Characterization CHANGE TOPIC

Characterization news, September 2016

Materials Today celebrates communication and discovery at New Scientist Live

Read more about Materials Today @ New Scientist Live 2016.

A combination of theory and experiment has gone some way to revealing the ingredients required for high-temperature superconductivity.

Scientists have synthesized nanometer-sized cage molecules that can be used to transport charge in proton exchange membranes.

Browse the articles in this special issue with free access until the end of 2016.

For the first time, scientists have used a scanning transmission electron microscope to directly write tiny patterns in metallic ‘ink’.

Nanodiamonds and other carbon-based materials can be produced by smashing carbon nanotubes against a target at high speeds.

The thermal conductivity of buckyball-containing superatom crystals is directly related to the rotational disorder within those structures.

Scientists have discovered that a critical length scale marks the transition between a zero-dimensional quantum dot and a one-dimensional nanowire.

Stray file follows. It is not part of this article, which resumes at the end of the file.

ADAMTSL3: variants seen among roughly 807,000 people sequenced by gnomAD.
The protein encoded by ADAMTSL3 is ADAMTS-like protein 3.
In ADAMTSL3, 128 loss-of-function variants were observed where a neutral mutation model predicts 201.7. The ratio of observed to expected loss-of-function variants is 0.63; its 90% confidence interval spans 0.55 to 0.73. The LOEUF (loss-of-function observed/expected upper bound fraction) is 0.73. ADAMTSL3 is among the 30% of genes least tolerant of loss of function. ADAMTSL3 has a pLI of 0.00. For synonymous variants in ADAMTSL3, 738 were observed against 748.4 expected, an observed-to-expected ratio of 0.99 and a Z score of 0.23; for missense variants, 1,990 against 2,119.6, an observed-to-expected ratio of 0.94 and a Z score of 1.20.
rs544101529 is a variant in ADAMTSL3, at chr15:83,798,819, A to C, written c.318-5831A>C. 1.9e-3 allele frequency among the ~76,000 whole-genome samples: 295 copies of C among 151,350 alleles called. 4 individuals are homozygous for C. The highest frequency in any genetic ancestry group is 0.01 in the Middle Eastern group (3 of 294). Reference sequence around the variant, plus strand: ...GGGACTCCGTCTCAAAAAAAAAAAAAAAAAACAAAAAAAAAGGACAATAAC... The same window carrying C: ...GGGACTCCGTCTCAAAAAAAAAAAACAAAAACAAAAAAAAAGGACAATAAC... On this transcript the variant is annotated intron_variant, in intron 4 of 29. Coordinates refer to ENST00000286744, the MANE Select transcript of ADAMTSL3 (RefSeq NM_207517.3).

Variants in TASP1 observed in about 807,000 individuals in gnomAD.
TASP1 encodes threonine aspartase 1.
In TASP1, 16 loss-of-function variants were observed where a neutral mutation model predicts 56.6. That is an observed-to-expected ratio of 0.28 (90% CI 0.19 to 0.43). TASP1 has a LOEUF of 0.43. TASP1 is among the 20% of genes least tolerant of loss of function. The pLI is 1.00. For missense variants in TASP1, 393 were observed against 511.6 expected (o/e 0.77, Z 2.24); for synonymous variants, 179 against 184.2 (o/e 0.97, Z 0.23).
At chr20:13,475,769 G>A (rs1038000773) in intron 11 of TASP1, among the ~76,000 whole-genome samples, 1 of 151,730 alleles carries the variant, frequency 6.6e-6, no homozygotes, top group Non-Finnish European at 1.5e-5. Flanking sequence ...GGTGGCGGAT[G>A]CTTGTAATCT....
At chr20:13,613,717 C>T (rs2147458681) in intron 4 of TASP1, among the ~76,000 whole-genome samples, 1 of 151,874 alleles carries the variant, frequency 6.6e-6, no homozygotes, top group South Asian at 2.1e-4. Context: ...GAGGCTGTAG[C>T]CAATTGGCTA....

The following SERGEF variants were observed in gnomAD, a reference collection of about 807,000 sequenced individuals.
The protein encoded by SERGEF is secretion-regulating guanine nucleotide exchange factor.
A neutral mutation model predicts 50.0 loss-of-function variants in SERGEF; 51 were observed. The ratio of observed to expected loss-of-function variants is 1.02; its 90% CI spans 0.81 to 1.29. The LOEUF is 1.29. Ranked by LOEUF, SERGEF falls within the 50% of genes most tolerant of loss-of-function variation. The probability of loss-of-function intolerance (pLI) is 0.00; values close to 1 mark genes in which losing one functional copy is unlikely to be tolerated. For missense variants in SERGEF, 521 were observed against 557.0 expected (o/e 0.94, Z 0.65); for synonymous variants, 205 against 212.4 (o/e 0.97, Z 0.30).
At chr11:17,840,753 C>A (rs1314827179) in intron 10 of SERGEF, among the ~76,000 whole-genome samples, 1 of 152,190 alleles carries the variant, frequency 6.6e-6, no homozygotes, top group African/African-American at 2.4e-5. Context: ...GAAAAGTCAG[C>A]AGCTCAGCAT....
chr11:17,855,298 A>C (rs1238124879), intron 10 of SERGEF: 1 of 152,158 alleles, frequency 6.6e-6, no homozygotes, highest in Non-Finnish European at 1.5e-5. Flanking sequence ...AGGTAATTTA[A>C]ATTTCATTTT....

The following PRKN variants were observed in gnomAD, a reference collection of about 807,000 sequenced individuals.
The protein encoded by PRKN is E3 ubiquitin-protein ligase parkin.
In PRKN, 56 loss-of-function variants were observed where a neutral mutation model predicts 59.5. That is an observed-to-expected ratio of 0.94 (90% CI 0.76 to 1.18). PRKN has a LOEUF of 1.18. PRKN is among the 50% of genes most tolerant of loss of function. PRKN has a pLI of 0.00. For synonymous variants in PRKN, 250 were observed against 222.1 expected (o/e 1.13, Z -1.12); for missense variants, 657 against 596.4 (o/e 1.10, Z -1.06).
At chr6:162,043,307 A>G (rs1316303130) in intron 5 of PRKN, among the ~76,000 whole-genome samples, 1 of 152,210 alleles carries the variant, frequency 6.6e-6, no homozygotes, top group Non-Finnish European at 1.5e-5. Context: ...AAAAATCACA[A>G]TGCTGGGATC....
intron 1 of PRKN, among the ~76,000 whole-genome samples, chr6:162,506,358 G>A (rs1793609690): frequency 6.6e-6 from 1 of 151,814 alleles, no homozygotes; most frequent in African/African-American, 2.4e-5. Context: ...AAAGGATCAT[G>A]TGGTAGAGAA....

Using electron microscopy, scientists have uncovered the first atomic scale evidence for strain-induced ferroelectricity in a layered oxide.

Samarium nickelate can be electrically tuned between a transparent and an opaque state over an unprecedentedly broad spectrum range.

Scientists have discovered that electron anions can reduce the temperature at which mayenite changes from a crystal to a glass.

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Researchers have identified a novel degradation mechanism, involving twisted polymers, in the electron-donor material of an organic solar cell.

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A novel superconducting material is uniquely sensitive to outside stimuli, allowing its superconducting properties to be enhanced or suppressed at will.

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Using an advanced imaging technique, researchers have mapped, for the first time ever, the 3D atomic coordinates of medium- and high-entropy alloys.